Rosie’s Recipe — Refrigerated Bread Pudding

I hate sounding like a food snob, but there are a few foods out there that I honestly try to avoid whenever possible. One is prepackaged white bread. I never buy it. No, I’m not into gluten free. The reason I don’t buy white bread is because the experts all say it has little, if any, nutritional value, and I much prefer the taste of whole wheat or multi-grain breads. So imagine my surprise when I came upon a half consumed loaf of generic white bread stashed in the back of my freezer. It had been left by out of town friends who had visited a few months before. They didn’t like wheat bread and wanted to have some white bread on hand.

At the time this happened I was testing recipes for Rosie’s Riveting Recipes, so I defrosted it and used in some of the recipes. Four slices went into this classic that your grandmothers may have made, and it was delicious. One nice thing about many of these historic dessert recipes is that they’re sweet, but not too sugar-laden.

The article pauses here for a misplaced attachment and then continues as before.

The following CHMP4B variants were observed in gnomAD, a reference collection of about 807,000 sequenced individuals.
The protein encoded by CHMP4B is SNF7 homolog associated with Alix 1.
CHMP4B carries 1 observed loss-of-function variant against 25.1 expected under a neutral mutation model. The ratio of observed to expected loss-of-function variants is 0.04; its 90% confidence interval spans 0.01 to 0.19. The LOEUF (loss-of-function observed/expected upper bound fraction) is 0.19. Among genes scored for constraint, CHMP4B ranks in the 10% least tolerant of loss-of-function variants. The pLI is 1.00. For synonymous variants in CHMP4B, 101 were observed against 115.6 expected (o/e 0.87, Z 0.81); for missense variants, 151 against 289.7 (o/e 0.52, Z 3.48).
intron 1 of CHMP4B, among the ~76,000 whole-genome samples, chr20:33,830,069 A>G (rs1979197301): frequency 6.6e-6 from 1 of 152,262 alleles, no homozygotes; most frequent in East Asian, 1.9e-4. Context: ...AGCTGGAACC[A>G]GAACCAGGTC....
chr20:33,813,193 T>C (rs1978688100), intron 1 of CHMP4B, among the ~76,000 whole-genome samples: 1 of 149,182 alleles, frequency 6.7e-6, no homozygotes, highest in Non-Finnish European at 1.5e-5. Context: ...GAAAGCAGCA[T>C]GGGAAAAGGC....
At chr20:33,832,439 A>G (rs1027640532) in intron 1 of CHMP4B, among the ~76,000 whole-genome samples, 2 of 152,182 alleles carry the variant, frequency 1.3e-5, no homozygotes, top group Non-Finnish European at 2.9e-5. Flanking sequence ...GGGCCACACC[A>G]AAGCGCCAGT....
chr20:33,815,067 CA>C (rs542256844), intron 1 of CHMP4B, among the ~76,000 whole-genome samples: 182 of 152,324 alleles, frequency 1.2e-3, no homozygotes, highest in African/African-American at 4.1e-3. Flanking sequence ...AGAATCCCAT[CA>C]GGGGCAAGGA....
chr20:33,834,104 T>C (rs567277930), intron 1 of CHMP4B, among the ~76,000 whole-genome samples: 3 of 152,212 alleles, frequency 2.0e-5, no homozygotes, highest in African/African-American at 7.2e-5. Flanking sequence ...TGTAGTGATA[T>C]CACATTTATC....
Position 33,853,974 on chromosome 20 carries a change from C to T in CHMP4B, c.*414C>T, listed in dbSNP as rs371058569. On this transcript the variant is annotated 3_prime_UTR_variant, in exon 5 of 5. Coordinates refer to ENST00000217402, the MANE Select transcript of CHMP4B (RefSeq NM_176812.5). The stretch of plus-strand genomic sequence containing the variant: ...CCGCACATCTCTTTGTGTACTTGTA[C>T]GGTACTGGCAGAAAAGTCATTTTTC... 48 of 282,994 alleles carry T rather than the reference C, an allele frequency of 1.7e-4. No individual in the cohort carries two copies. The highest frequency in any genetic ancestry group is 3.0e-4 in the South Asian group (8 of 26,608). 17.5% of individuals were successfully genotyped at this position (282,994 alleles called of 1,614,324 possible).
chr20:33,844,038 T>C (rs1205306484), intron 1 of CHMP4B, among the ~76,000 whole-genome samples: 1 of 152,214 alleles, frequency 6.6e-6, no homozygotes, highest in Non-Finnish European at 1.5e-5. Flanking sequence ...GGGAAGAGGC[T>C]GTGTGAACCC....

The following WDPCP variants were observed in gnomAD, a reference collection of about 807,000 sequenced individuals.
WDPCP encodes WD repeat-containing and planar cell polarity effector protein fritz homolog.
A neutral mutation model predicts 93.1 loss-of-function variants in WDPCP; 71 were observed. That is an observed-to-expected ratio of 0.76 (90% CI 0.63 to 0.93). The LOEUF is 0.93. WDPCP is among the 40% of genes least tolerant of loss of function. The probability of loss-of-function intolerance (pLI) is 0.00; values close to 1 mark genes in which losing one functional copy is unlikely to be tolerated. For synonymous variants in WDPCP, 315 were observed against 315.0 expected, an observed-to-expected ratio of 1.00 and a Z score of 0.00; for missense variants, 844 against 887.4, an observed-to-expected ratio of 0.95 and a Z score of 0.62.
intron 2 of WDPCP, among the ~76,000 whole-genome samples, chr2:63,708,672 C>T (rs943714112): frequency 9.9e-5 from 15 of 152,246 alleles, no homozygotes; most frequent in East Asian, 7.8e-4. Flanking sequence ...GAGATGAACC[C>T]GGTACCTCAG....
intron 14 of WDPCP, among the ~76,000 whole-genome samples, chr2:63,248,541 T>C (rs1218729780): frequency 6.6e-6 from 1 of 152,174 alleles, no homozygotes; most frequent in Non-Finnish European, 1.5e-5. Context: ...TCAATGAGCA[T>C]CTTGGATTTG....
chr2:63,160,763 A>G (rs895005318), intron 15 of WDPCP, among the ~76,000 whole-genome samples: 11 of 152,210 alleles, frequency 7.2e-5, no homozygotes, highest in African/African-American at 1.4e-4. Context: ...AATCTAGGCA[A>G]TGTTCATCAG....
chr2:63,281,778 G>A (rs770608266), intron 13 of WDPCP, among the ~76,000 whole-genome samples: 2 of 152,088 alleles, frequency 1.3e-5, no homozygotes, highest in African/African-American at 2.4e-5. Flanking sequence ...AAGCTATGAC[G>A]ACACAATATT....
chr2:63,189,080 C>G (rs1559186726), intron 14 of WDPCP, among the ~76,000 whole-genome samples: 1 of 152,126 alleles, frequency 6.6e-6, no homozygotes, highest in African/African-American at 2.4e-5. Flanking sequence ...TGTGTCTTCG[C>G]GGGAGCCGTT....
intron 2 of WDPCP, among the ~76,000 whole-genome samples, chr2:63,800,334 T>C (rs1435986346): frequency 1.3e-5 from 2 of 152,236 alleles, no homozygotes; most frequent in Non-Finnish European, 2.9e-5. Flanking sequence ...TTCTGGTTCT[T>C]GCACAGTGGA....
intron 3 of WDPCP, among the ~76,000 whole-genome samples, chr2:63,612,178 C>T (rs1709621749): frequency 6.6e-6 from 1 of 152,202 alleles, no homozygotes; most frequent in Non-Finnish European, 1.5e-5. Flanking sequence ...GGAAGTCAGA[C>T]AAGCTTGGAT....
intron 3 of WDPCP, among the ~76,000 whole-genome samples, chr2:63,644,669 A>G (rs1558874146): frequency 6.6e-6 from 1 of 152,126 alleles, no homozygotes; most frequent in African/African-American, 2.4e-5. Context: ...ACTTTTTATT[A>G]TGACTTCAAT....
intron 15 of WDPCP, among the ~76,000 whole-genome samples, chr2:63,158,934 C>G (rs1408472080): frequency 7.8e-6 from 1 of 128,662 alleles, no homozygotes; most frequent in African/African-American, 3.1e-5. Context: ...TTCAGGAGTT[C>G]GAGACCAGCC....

Enjoy.

GM

 

REFRIGERATOR BREAD PUDDING

  • 1 envelope plain gelatin
  • 2 cups milk
  • ½ cup light or dark corn syrup or 1/3 cup sugar
  • ¼ teaspoon salt
  • 4 slices white bread (2 ½ cups cubed)
  • 2 eggs, slightly beaten
  • 1 teaspoon vanilla
  • nutmeg, if desired

Soften gelatin in ¼ cup cold milk. Scald remaining milk with corn syrup (or sugar) and salt in double boiler. Add gelatin and stir until dissolved. Remove crusts and cut slices of bread into cubes. Pour hot milk slowly over beaten eggs, stirring constantly. Return to double boiler. Add bread cubes and cook until custard consistency, stirring constantly. Remove from heat. Add vanilla and beat with rotary beater until frothy. Turn into one large (or individual molds) that have been rinsed in cold water first. Chill. When firm, un-mold and serve with cream or any sauce. Sprinkle with nutmeg.

Modern adaptation: Be careful not boil the milk. The beaten eggs can be slowly added to the milk mixture in the double boiler, stirring constantly as directed in the original recipe, until they are well blended. To give the pudding a bolder flavor add ¼ teaspoon ginger, ¼ teaspoon cinnamon, and ¼ nutmeg with the vanilla. The pudding can also be poured into ramekins and served with whipped cream, cinnamon, or nutmeg on top, as suggested in the original recipe.